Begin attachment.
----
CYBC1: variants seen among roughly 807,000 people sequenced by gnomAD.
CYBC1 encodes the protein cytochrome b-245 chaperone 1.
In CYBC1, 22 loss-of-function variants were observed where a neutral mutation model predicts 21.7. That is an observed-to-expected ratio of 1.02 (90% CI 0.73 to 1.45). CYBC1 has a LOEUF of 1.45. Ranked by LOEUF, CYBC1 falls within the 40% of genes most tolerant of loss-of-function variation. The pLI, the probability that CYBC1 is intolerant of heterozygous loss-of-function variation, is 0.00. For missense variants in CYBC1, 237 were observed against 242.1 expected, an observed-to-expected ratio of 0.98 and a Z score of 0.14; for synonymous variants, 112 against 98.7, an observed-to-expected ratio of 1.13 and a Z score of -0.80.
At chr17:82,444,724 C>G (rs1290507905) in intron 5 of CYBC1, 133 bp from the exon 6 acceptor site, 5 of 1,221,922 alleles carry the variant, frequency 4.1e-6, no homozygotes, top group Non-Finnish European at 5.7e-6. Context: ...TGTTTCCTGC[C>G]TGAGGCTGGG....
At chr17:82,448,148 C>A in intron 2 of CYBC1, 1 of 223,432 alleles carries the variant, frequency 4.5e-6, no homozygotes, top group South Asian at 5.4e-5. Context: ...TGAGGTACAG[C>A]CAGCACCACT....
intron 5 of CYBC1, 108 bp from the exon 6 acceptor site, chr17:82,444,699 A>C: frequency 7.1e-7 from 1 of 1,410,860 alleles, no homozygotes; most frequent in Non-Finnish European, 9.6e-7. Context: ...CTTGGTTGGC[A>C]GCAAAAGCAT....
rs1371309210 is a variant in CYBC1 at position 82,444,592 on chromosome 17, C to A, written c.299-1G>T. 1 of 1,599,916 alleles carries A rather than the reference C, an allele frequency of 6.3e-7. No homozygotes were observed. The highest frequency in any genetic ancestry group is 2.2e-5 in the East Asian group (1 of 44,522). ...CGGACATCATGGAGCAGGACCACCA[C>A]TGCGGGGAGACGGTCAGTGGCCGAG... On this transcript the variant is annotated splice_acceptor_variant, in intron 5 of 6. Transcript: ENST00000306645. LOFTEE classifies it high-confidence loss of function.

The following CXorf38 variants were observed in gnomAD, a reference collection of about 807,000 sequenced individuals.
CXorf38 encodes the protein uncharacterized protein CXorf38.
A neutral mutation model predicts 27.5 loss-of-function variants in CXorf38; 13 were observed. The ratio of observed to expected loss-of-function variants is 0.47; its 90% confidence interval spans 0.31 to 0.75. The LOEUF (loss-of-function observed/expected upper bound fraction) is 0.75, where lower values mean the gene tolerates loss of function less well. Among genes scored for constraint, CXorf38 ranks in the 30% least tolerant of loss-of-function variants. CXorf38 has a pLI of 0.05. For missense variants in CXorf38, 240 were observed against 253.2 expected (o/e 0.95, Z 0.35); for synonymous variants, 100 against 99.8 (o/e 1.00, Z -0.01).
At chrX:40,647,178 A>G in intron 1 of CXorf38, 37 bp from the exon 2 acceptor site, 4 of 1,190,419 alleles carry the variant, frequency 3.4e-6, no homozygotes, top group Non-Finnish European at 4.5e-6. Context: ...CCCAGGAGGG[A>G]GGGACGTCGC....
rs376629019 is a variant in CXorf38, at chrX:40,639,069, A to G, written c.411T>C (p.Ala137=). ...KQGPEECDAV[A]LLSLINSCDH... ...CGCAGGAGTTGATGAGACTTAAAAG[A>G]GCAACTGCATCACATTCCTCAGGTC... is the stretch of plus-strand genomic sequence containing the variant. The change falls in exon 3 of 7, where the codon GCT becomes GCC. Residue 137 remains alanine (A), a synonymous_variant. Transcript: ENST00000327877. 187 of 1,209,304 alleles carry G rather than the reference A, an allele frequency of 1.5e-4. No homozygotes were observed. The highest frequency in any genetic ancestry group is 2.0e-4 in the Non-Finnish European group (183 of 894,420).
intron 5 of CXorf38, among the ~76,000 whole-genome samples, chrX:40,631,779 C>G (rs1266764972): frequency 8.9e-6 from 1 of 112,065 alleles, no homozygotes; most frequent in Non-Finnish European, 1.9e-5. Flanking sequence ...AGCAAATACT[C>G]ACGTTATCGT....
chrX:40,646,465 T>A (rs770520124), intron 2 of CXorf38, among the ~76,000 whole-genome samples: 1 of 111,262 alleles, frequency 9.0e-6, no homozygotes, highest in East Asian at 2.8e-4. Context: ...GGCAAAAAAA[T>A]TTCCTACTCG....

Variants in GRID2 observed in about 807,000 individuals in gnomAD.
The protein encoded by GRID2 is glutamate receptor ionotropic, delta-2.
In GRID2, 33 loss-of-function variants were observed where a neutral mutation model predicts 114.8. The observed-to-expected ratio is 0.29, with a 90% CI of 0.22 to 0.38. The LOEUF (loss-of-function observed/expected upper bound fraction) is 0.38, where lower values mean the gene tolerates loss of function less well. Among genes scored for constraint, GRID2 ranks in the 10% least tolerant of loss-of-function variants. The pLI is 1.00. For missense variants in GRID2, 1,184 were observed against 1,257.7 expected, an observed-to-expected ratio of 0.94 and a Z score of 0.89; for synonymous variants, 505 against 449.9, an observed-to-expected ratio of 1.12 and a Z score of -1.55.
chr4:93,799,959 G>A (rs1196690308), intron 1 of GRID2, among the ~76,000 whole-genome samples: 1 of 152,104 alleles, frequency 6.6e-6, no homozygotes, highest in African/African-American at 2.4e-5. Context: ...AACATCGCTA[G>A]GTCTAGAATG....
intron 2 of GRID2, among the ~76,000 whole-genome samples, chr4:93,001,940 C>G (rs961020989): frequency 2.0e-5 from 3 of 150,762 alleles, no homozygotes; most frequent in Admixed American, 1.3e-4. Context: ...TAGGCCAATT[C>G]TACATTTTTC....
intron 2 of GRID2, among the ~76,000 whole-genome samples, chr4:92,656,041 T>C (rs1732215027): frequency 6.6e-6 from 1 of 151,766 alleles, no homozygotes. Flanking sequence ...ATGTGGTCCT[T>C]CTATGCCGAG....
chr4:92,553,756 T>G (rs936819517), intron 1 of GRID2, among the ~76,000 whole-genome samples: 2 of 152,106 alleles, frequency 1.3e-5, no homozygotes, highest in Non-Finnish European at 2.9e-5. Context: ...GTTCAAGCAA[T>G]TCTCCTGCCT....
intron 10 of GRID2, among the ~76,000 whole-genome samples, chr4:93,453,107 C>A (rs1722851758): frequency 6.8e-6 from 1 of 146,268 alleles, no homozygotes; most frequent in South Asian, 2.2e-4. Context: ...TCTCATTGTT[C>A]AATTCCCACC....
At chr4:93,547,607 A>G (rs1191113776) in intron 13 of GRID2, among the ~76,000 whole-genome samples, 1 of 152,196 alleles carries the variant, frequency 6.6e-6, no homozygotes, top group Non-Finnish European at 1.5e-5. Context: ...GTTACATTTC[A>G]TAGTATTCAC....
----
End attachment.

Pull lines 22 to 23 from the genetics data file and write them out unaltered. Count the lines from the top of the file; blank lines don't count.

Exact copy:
intron 10 of GRID2, among the ~76,000 whole-genome samples, chr4:93,453,107 C>A (rs1722851758): frequency 6.8e-6 from 1 of 146,268 alleles, no homozygotes; most frequent in South Asian, 2.2e-4. Context: ...TCTCATTGTT[C>A]AATTCCCACC....
At chr4:93,547,607 A>G (rs1191113776) in intron 13 of GRID2, among the ~76,000 whole-genome samples, 1 of 152,196 alleles carries the variant, frequency 6.6e-6, no homozygotes, top group Non-Finnish European at 1.5e-5. Context: ...GTTACATTTC[A>G]TAGTATTCAC....